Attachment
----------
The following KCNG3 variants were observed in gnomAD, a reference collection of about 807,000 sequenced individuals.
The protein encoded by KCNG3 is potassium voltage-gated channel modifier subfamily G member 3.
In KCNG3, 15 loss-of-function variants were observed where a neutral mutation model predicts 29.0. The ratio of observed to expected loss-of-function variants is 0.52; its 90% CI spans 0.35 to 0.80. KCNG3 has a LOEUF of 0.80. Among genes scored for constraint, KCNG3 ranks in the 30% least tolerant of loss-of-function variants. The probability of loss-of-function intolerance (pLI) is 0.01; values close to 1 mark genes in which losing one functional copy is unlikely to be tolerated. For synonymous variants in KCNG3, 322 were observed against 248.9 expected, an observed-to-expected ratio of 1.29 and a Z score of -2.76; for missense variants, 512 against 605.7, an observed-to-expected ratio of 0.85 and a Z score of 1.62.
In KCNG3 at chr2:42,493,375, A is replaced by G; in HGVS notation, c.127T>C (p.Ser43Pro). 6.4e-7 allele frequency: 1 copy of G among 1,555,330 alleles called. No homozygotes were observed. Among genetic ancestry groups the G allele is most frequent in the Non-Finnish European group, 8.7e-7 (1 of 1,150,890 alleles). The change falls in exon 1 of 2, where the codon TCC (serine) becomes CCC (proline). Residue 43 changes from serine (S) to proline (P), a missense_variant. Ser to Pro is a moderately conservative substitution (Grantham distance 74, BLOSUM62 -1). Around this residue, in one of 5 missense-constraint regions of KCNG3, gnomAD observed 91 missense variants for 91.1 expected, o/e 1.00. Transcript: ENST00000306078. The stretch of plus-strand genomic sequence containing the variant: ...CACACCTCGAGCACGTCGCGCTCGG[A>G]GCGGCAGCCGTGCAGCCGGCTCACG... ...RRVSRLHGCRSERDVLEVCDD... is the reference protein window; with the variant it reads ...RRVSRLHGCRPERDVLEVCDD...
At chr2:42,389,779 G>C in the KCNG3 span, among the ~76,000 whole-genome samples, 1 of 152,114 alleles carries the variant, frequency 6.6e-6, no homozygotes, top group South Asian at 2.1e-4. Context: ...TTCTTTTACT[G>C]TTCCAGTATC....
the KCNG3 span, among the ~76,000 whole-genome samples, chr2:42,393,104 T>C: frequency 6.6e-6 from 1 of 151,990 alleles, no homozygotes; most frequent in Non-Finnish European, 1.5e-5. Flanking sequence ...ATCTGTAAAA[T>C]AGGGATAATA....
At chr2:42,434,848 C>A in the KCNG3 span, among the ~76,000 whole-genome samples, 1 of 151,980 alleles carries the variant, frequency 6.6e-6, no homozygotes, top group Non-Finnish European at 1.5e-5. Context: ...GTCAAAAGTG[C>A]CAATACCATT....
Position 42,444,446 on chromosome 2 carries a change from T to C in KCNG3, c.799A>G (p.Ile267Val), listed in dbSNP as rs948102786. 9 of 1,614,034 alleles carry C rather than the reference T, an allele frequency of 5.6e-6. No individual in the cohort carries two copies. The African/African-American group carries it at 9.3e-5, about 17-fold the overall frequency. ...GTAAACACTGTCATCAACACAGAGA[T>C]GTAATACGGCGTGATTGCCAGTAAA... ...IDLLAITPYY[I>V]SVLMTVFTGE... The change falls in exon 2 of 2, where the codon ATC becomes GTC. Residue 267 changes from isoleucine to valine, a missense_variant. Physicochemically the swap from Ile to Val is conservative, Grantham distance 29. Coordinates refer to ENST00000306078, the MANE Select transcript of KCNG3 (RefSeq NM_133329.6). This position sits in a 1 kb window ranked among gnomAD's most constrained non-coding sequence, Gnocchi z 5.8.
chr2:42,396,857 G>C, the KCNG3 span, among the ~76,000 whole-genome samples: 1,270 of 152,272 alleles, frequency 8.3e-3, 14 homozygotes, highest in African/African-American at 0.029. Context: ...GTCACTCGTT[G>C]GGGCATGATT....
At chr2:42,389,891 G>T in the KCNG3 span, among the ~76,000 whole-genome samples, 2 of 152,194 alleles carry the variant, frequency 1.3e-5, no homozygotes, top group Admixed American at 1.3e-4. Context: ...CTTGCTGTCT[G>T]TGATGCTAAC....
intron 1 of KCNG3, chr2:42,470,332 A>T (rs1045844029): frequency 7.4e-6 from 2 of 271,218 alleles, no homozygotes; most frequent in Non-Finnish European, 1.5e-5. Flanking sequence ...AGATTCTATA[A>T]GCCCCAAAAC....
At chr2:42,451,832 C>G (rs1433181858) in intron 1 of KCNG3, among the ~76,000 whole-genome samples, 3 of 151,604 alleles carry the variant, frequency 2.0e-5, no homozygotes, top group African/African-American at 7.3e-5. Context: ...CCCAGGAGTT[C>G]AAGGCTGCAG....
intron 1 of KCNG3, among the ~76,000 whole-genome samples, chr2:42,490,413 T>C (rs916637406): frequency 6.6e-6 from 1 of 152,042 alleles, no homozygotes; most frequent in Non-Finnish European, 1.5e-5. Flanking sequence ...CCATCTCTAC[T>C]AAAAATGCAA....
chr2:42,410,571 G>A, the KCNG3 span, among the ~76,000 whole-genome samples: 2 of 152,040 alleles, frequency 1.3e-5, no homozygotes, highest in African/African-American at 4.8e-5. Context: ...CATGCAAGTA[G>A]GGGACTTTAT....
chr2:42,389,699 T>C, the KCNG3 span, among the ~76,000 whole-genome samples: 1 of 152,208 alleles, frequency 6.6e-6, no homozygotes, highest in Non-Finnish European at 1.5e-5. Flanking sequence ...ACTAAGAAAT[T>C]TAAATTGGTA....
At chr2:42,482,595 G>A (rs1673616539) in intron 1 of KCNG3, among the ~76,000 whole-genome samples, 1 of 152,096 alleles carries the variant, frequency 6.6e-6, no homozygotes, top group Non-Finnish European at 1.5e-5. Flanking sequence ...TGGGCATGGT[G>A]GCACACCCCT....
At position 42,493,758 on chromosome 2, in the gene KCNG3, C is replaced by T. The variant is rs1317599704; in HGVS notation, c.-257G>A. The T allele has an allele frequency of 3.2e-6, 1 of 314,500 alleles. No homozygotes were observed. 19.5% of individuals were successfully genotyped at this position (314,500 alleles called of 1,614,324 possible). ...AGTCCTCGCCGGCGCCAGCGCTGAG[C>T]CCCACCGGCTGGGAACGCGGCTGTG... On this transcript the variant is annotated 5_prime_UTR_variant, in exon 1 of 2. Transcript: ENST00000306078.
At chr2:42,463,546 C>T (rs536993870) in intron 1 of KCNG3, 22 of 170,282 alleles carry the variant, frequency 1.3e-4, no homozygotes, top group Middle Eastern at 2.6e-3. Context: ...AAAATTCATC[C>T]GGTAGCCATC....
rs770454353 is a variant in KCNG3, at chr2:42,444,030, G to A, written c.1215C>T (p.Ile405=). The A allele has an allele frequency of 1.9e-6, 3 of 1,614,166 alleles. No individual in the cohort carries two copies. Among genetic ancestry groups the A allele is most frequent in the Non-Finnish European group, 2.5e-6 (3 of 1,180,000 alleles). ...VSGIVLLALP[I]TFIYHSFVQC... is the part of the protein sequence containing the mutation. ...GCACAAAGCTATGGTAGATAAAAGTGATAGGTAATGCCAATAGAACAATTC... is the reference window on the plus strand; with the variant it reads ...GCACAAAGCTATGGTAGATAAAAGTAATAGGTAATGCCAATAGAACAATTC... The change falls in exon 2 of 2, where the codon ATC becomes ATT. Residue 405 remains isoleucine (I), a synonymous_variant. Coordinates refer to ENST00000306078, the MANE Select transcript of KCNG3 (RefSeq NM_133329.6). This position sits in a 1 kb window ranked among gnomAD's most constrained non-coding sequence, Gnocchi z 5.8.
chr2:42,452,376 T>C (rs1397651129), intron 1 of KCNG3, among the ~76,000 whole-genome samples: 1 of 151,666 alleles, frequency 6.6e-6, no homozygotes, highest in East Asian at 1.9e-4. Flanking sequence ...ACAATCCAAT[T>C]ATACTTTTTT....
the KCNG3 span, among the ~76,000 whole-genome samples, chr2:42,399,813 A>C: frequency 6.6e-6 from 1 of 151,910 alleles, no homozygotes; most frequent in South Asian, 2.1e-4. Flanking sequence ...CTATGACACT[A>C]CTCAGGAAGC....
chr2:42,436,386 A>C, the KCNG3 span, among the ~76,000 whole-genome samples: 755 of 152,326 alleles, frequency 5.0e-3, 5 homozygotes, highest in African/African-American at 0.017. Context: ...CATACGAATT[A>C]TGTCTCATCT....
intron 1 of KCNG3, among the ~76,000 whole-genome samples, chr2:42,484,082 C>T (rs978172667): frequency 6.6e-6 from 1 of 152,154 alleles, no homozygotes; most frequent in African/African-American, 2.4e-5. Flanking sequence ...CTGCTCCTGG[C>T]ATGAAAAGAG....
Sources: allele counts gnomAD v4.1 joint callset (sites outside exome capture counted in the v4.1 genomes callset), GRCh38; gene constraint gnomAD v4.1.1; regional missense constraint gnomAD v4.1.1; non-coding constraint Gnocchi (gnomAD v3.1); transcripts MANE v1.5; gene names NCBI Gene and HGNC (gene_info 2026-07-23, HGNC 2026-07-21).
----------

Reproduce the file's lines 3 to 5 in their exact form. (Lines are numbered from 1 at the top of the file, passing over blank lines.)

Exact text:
In KCNG3, 15 loss-of-function variants were observed where a neutral mutation model predicts 29.0. The ratio of observed to expected loss-of-function variants is 0.52; its 90% CI spans 0.35 to 0.80. KCNG3 has a LOEUF of 0.80. Among genes scored for constraint, KCNG3 ranks in the 30% least tolerant of loss-of-function variants. The probability of loss-of-function intolerance (pLI) is 0.01; values close to 1 mark genes in which losing one functional copy is unlikely to be tolerated. For synonymous variants in KCNG3, 322 were observed against 248.9 expected, an observed-to-expected ratio of 1.29 and a Z score of -2.76; for missense variants, 512 against 605.7, an observed-to-expected ratio of 0.85 and a Z score of 1.62.
In KCNG3 at chr2:42,493,375, A is replaced by G; in HGVS notation, c.127T>C (p.Ser43Pro). 6.4e-7 allele frequency: 1 copy of G among 1,555,330 alleles called. No homozygotes were observed. Among genetic ancestry groups the G allele is most frequent in the Non-Finnish European group, 8.7e-7 (1 of 1,150,890 alleles). The change falls in exon 1 of 2, where the codon TCC (serine) becomes CCC (proline). Residue 43 changes from serine (S) to proline (P), a missense_variant. Ser to Pro is a moderately conservative substitution (Grantham distance 74, BLOSUM62 -1). Around this residue, in one of 5 missense-constraint regions of KCNG3, gnomAD observed 91 missense variants for 91.1 expected, o/e 1.00. Transcript: ENST00000306078. The stretch of plus-strand genomic sequence containing the variant: ...CACACCTCGAGCACGTCGCGCTCGG[A>G]GCGGCAGCCGTGCAGCCGGCTCACG... ...RRVSRLHGCRSERDVLEVCDD... is the reference protein window; with the variant it reads ...RRVSRLHGCRPERDVLEVCDD...
At chr2:42,389,779 G>C in the KCNG3 span, among the ~76,000 whole-genome samples, 1 of 152,114 alleles carries the variant, frequency 6.6e-6, no homozygotes, top group South Asian at 2.1e-4. Context: ...TTCTTTTACT[G>C]TTCCAGTATC....